Since the ride yesterday, the remainer of our time here in Cairo was spent in team meetings, discussing everything from how and where to poop, what to expect in the way of resources at “bush camps”, meal times, and ensuring safety for all riders.  The big stress was packing our belongings in duffels and then worrying whether they would pass the weigh-in and the cramming into tiny lockers on the trucks.  I passed the weigh in but not the cramming.  I don’t even want to talk about this.  It was a mess.  I was the very last rider to cram my stuff in, only after everything was taken out of my bags on the roadside, and restuffed in a way that I now won’t find anything with the help of a staff member.  It was not pretty and I can’t imagine how I’m going to fit my stuff into that locker 120 more times (each day from here on out). 

So, tomorrow we start.  After months of preparations, and years dreaming about this, it’s hard to believe that our wake up call is just five hours from now (4AM).  Breakfast is at 4:30AM and we leave in covoy to the pyramids where we have opening ceremonies.  From there we have a 90+mile ride to our first bush camp—the first of six consecutive bush camps—where we will NOT have showers or running water or any facilities for that matter.  Maintaining good hygiene and avoiding saddle sores is going to be really tricky but critical.  I guess I’m ready, but it’s not going to be pretty.

Obviously, I won’t have internet access for at least the next week, so I won’t be updating this blog or emailing anyone.  Please know that I’m safe and happy, making my way south in Egypt towards Luxor, soaking in the sounds, the sights, the smells, and the scenery of this country.  I hear we can take a dip in the Red Sea in another 6 days or so.  I’m sure, by then, the body could use a good washing!  Off I go.  Love from Cairo!!!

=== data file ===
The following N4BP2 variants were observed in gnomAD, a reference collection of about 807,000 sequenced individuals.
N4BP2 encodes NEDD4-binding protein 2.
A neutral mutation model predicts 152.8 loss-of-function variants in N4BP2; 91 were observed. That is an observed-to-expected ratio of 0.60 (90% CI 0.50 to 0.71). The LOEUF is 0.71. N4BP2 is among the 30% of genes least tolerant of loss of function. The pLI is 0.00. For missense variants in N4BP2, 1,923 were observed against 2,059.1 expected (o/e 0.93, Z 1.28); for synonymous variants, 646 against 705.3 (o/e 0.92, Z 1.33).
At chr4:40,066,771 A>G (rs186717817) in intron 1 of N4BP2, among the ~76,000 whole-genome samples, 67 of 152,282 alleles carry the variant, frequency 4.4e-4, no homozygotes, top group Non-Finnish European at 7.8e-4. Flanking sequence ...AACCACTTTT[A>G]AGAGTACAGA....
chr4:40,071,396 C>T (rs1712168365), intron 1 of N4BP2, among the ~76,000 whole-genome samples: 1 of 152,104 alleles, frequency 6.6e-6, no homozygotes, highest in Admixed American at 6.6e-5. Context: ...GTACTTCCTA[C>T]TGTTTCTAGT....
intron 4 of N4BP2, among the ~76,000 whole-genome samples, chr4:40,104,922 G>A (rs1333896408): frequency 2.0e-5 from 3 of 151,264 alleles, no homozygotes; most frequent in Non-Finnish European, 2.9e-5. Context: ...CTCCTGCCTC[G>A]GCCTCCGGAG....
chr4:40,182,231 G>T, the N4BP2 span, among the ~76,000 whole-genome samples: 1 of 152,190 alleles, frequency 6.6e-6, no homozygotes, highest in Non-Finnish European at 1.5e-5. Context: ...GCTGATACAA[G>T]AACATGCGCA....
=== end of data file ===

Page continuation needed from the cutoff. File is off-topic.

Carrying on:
1. Woah, sounds like quite the experience

  2. I read this to the kids and Maya had a few questions.

    Did you ride a camel?
    How was the test ride and the cheering of kids on the side of the road?
    How does Africa look with all of the sand? Dry, I bet.

    We miss you.
    Love, Maya

  3. Hi Dana,
    I am a friend of your Aunt Margie’s and she told me all about your trip! What an opportunity and experience! I was in Cairo this summer and enjoyed reading your descriptions which brought back memories! We likened our attempts to cross the streets as playing the “Frogger” video game! Some locals were nice enough to stop traffic for us. I hope you get a chance to see the sites around Luxor. Karnak was one of my favorites, and the Luxor Museum was outstanding. I’m sure you’ve sampled some karkaday (hibiscus tea)–we found it very refreshing. Best of luck as your adventure begins!

  4. Perhaps you can purchase some room in someone elses duffel. Do the camel jockeys follow you all the way?

    Stay safe and strong.

    Tom Bloch

  5. Glad to hear you arrived safely. i guess the pictures of you riding a camel or wearing an Egyptian head dress have not made it onto your photo gallery yet. i’ll check back in a week. 90+ miles out of the chute. nice. hope it is all down hill or that you have a nice cushy saddle. According to the weather channel, you should have a strong tail wind at your back for the next 7,500 miles. Be safe and keep that lion spray handy. ks